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Composed: 1779

Length: 8 minutes

Orchestration: 2 flutes, 2 oboes, 2 bassoons, 4 horns, 2 trumpets, timpani, and strings

First Los Angeles Philharmonic performance: December 14, 1967, Lawrence Foster conducting

About this Piece

This short, festive work was written in April of 1779, toward the end of that period Mozart referred to as his "degrading service" at the court of Hieronymous Colloredo, Prince-Archbishop of Salzburg.

It is generally assumed that the G-major Symphony was intended as the overture to a dramatic work. Otto Jahn, an early Mozart biographer, surmised that it was written to preface the incidental music (K. 345) to the tragedy Thamos, König in Aegypten by one Tobias Gebler. The late Alfred Einstein was certain that it was the overture to the unfinished opera Zaide, K. 344, and went so far as to relate several of the Symphony's episodes to specific events in the opera.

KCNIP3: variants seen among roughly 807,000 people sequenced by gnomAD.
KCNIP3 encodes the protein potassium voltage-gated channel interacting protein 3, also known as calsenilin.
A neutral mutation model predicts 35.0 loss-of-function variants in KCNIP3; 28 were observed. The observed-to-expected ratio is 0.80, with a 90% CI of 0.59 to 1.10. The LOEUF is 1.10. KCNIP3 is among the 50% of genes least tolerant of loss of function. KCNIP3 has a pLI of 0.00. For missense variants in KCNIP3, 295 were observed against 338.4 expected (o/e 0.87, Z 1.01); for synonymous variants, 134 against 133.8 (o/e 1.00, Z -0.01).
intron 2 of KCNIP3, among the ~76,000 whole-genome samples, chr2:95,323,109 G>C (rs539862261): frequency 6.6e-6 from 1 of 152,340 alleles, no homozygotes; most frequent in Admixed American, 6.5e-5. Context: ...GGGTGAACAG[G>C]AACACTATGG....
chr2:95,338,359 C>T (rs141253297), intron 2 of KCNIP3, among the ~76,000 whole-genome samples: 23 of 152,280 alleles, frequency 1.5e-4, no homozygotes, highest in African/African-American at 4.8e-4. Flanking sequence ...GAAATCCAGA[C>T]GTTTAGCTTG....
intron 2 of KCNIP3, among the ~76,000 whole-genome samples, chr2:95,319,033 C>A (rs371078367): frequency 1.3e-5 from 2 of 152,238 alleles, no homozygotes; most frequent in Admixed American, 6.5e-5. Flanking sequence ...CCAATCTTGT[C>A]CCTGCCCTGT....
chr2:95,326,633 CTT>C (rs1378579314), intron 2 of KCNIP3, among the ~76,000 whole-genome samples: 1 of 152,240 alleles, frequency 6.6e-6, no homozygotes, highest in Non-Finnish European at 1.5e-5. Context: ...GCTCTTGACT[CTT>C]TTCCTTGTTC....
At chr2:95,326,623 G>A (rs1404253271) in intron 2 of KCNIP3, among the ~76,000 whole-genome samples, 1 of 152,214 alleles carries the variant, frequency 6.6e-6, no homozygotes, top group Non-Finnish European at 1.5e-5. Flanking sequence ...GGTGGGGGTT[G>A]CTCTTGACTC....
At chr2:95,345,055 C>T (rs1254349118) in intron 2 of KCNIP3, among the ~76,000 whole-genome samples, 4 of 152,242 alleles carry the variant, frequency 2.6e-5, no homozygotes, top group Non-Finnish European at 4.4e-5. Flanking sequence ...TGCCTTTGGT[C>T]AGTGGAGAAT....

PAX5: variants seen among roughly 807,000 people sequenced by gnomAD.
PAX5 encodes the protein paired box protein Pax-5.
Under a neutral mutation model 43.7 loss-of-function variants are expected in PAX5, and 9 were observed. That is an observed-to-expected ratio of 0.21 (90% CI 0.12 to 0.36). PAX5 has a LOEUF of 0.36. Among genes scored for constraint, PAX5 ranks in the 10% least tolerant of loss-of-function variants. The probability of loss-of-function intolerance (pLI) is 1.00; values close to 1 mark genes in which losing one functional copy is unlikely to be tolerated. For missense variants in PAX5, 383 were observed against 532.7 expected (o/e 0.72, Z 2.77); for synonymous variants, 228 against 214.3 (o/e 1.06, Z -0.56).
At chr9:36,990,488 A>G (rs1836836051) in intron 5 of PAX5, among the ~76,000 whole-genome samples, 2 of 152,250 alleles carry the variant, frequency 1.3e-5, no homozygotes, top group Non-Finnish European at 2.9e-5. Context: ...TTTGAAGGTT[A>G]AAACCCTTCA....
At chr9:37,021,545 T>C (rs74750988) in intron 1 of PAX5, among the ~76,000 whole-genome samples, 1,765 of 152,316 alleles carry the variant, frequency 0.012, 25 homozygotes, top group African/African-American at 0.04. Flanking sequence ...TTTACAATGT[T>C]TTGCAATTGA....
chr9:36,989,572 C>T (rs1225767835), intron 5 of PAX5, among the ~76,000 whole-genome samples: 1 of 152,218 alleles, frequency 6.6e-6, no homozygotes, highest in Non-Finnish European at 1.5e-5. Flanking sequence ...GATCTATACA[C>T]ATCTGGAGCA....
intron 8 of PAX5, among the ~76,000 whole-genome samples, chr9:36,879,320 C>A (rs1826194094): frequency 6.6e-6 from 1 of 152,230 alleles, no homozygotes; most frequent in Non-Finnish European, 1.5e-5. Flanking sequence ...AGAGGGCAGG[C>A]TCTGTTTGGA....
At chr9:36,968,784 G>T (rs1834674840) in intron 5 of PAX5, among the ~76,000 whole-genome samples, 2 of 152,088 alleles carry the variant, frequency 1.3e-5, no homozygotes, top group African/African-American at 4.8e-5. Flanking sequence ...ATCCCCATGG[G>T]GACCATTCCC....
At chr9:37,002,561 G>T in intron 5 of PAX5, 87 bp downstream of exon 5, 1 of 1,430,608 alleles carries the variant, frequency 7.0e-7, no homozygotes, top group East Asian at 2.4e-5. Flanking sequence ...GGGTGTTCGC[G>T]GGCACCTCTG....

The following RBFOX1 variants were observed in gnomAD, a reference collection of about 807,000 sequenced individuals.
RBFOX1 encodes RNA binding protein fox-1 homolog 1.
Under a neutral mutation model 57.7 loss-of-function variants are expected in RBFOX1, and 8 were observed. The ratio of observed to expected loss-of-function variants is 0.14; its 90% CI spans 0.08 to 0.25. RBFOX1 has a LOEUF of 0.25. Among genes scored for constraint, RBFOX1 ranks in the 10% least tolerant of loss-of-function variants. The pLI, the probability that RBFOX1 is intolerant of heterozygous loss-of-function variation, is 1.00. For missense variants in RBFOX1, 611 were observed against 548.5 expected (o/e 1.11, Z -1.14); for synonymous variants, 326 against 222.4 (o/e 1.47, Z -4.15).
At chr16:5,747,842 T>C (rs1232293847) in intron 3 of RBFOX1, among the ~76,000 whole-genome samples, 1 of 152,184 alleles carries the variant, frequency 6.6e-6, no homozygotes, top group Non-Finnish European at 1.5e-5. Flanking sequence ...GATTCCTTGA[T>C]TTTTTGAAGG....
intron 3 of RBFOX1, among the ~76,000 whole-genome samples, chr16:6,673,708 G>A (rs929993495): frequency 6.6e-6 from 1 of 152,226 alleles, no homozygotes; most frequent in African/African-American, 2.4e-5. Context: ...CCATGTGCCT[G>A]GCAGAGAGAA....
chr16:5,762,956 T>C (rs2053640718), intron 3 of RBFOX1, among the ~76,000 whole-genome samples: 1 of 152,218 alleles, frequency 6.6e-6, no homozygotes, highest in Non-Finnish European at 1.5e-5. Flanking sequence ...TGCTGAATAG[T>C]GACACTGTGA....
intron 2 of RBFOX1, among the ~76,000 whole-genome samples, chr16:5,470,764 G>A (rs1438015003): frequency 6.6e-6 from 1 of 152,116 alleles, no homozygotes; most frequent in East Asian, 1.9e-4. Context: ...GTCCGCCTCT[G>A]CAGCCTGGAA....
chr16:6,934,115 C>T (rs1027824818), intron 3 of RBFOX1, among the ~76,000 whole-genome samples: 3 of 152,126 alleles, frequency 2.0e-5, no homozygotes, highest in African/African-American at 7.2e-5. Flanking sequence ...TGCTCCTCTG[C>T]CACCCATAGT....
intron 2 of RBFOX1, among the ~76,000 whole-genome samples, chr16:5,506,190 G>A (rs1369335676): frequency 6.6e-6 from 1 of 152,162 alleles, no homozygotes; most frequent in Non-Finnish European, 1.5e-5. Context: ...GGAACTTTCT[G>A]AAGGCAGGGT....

Whatever the occasion for which it was written, the work does adhere to the common Italian opera overture layout of the time, a single, tripartite (fast-slow-fast) movement. It opens with repeated strong chords for the full orchestra with a soft response from the strings - a device Mozart was to employ again nine years later in the "Jupiter" Symphony. After a playful contrasting theme, at the point where we would normally hear a reprise of the opening theme, we are led directly into the slow movement with its pungent woodwind coloration. The tiny finale brings back the first movement's themes, but in reverse order. The "playful" theme is stated first, followed by the opening figure, which concludes the work in vigorous fanfare style.

It should be noted that Mozart's large orchestra here includes four horns rather than the two customary in a Classical symphony. Each pair of horns is crooked in a different key, thereby widening considerably the range of notes available to the instrument and lending to the work a particularly brilliant coloration and grand sonority.

- Herbert Glass